To manage COVID-19 stress, develop healthy new habits and consume news in moderation

The societal disruptions caused by the coronavirus can take their toll on our mental health. USC experts offer insight into how to reduce stress during a global pandemic.

March 31, 2020 Gary Polakovic

COVID-19 is the ultimate disruptor, reshaping people’s work lives, family dynamics and finances. No one knows how long it will last. No one knows who’s contagious. And confronting all of these issues at once can cause emotional and psychological stress, affecting ourselves and our relationships.

USC social science experts understand this challenge, gathering lessons learned from other people subject to isolation — prisoners, astronauts and polar explorers — to help navigate the dislocation caused by a global pandemic.

Lawrence Palinkas, professor of social work, anthropology and preventive medicine at the USC Suzanne Dworak-Peck School of Social Work, says the uncertainties of COVID-19 can challenge an individual’s coping capabilities. Some people can handle this well, but others cannot.

What we’re living through now is very stressful, and most people are not prepared for this.

Lawrence Palinkas

“We are all making decisions now we don’t normally have to make. What we’re living through now is very stressful, and most people are not prepared for this,” he said. “Some are better equipped to cope than others. Some people will gain self-confidence, and others will experience symptoms severe enough to warrant seeking professional help.”

Particularly stressful at this time are requests to keep away from other people, either by sheltering in place or staying at least six feet away from others. Isolation means the loss of physical, material and emotional support from loved ones, causing depression, anxiety and sleep problems, said Palinkas, an expert in living and working in extreme environments and the psychological effects of disasters.

Meanwhile, the capricious nature of the virus causes fear due to uncertainty over where it will strike next or who may be a carrier. Yet the more people practice prudent avoidance and hunker down at home, the potential for interpersonal conflict grows, challenging people confined together to get along. In such instances, it’s a good idea to have designated safe spaces people can retreat to reduce tensions, Palinkas said.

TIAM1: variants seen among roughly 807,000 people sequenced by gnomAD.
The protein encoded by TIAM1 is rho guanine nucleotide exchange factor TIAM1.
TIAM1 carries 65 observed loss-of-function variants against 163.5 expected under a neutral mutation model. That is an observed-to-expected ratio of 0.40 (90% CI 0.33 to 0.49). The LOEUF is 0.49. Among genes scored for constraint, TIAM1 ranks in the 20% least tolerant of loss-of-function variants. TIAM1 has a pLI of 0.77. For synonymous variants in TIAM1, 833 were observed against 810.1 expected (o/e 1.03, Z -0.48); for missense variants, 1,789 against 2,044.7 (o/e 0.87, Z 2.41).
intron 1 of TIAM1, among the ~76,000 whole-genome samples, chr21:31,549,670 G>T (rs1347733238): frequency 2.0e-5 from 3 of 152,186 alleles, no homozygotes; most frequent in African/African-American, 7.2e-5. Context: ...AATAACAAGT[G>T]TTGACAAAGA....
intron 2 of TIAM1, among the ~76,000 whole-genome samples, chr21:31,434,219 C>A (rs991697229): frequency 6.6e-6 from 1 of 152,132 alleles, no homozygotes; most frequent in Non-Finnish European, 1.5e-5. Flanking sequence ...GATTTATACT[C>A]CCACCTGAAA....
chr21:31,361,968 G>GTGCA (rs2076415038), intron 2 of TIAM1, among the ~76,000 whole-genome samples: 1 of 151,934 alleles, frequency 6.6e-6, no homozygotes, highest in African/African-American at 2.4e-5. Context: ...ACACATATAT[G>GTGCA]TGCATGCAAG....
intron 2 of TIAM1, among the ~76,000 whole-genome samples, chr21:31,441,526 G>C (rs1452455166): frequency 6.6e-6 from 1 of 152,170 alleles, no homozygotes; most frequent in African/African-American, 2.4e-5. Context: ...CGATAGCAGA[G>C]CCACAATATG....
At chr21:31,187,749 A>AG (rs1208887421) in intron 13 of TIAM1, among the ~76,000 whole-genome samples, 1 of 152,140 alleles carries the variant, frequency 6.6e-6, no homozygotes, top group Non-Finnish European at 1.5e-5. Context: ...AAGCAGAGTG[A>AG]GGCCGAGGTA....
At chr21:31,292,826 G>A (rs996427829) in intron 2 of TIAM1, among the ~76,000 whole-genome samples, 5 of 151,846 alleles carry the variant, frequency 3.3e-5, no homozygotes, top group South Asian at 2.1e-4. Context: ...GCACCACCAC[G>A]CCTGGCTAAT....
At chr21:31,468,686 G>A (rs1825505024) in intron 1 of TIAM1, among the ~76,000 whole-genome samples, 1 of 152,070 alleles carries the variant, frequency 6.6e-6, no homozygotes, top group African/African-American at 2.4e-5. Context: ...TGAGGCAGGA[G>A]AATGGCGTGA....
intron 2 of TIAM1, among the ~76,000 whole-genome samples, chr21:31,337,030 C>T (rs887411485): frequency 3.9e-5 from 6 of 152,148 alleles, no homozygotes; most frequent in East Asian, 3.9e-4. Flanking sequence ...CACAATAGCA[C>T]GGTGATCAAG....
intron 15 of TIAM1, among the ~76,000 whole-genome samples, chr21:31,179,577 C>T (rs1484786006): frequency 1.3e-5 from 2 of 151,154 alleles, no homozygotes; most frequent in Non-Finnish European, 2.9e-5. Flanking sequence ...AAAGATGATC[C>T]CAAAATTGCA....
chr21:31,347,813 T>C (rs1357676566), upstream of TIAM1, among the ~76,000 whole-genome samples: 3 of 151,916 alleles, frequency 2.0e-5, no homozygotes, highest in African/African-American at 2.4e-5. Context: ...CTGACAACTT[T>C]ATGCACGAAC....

To cope with COVID-19 stress, try to form new habits

COVID-19 also disrupts routine, and habits are key to being productive at work.

Wendy Wood, Provost Professor of psychology and business, said the disease outbreak upsets many things in a person’s schedule and life. The disruption breaks habits, which reduces the stability and focus normally found in daily patterns.

“The routines built up over time are gone, so we all have to make new decisions about how to live now. Everything we do requires a decision, takes more energy and feels uncertain,” said Wood, who holds joint appointments at the USC Dornsife College of Letters, Arts and Sciences and the USC Marshall School of Business.

Overcoming the dislocation requires forming new habits and patterns, but that takes more cognitive and emotional energy to accomplish tasks once governed by habit. As a result, people function slower, productivity slips and stress increases.

The good news is, despite fragmentation, some people will find new ways to do things better, a hidden benefit. Studies have shown that some people come out on the other side of a crisis benefitting from positive changes they were able to achieve.

Avoid anxiety by turning off the news

One way to manage COVID-19-related stress is to lessen how much attention we are paying to the problem.

Sheila Teresa Murphy, associate professor of communication at the USC Annenberg School for Communication and Journalism, says now is the time to consciously dial down bad news.

All news is not equal.

Sheila Teresa Murphy

“It is vital to keep the true prevalence of the coronavirus in perspective,” Murphy said. “The vast majority of people will only ever experience coronavirus through the news media — few of us will actually contract the virus. So while the 24/7 media coverage may make it seem like the disease is omnipresent, we need to remember that it isn’t omnipresent in our lives.

“Research shows that our perceptions of the frequency of negative events, like contracting the virus, are heavily influenced by what we see and read in the news.”

She offers three suggestions to manage news consumption as a way to manage stress stemming from COVID-19:

  • Don’t binge-watch TV news. Instead, consume news about COVID-19 in moderation.
  • Consume news judiciously from reputable journalism organizations or the Centers for Disease Control and Prevention.
  • Consider the source when consuming social media accounts of the virus; the content is not regulated and can include conspiracies and conjecture.

“All news is not equal,” she said.

Better still, she added, turn the news off entirely. Instead, watch a happy movie, read a book or do something you truly enjoy. You’ll feel better.